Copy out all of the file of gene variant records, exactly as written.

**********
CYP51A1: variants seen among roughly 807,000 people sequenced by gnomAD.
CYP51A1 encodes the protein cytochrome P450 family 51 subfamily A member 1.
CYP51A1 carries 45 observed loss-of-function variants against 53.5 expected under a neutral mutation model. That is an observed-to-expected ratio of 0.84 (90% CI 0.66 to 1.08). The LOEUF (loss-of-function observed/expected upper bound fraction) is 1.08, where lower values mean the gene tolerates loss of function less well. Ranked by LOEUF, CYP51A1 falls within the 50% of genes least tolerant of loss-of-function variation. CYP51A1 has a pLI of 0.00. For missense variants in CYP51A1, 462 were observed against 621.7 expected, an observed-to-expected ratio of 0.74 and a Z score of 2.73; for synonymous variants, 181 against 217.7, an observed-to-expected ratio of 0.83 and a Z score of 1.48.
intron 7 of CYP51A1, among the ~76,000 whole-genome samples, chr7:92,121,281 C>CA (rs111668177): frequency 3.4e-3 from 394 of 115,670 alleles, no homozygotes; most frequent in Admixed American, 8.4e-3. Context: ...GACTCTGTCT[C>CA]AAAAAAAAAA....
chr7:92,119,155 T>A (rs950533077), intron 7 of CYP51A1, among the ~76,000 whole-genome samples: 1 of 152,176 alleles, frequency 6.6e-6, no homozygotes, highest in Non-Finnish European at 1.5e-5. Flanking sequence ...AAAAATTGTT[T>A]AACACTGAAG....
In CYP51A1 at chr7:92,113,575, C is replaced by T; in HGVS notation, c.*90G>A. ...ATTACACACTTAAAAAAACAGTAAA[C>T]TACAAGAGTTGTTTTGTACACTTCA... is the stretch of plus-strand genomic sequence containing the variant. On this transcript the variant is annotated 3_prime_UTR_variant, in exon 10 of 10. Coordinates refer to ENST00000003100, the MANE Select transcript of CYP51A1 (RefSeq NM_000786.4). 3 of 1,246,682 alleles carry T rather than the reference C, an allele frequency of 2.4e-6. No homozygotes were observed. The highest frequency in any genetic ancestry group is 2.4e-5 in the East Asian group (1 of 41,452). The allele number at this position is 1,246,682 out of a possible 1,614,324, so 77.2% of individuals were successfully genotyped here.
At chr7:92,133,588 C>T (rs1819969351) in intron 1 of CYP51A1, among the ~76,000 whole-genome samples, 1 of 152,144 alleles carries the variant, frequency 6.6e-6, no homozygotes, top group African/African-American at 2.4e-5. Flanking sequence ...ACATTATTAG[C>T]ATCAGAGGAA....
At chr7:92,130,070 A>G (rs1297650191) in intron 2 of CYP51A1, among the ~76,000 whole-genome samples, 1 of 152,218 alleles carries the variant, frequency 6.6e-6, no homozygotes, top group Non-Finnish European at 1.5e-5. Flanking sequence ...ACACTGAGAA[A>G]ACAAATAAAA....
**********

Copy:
CYP51A1: variants seen among roughly 807,000 people sequenced by gnomAD.
CYP51A1 encodes the protein cytochrome P450 family 51 subfamily A member 1.
CYP51A1 carries 45 observed loss-of-function variants against 53.5 expected under a neutral mutation model. That is an observed-to-expected ratio of 0.84 (90% CI 0.66 to 1.08). The LOEUF (loss-of-function observed/expected upper bound fraction) is 1.08, where lower values mean the gene tolerates loss of function less well. Ranked by LOEUF, CYP51A1 falls within the 50% of genes least tolerant of loss-of-function variation. CYP51A1 has a pLI of 0.00. For missense variants in CYP51A1, 462 were observed against 621.7 expected, an observed-to-expected ratio of 0.74 and a Z score of 2.73; for synonymous variants, 181 against 217.7, an observed-to-expected ratio of 0.83 and a Z score of 1.48.
intron 7 of CYP51A1, among the ~76,000 whole-genome samples, chr7:92,121,281 C>CA (rs111668177): frequency 3.4e-3 from 394 of 115,670 alleles, no homozygotes; most frequent in Admixed American, 8.4e-3. Context: ...GACTCTGTCT[C>CA]AAAAAAAAAA....
chr7:92,119,155 T>A (rs950533077), intron 7 of CYP51A1, among the ~76,000 whole-genome samples: 1 of 152,176 alleles, frequency 6.6e-6, no homozygotes, highest in Non-Finnish European at 1.5e-5. Flanking sequence ...AAAAATTGTT[T>A]AACACTGAAG....
In CYP51A1 at chr7:92,113,575, C is replaced by T; in HGVS notation, c.*90G>A. ...ATTACACACTTAAAAAAACAGTAAA[C>T]TACAAGAGTTGTTTTGTACACTTCA... is the stretch of plus-strand genomic sequence containing the variant. On this transcript the variant is annotated 3_prime_UTR_variant, in exon 10 of 10. Coordinates refer to ENST00000003100, the MANE Select transcript of CYP51A1 (RefSeq NM_000786.4). 3 of 1,246,682 alleles carry T rather than the reference C, an allele frequency of 2.4e-6. No homozygotes were observed. The highest frequency in any genetic ancestry group is 2.4e-5 in the East Asian group (1 of 41,452). The allele number at this position is 1,246,682 out of a possible 1,614,324, so 77.2% of individuals were successfully genotyped here.
At chr7:92,133,588 C>T (rs1819969351) in intron 1 of CYP51A1, among the ~76,000 whole-genome samples, 1 of 152,144 alleles carries the variant, frequency 6.6e-6, no homozygotes, top group African/African-American at 2.4e-5. Flanking sequence ...ACATTATTAG[C>T]ATCAGAGGAA....
At chr7:92,130,070 A>G (rs1297650191) in intron 2 of CYP51A1, among the ~76,000 whole-genome samples, 1 of 152,218 alleles carries the variant, frequency 6.6e-6, no homozygotes, top group Non-Finnish European at 1.5e-5. Flanking sequence ...ACACTGAGAA[A>G]ACAAATAAAA....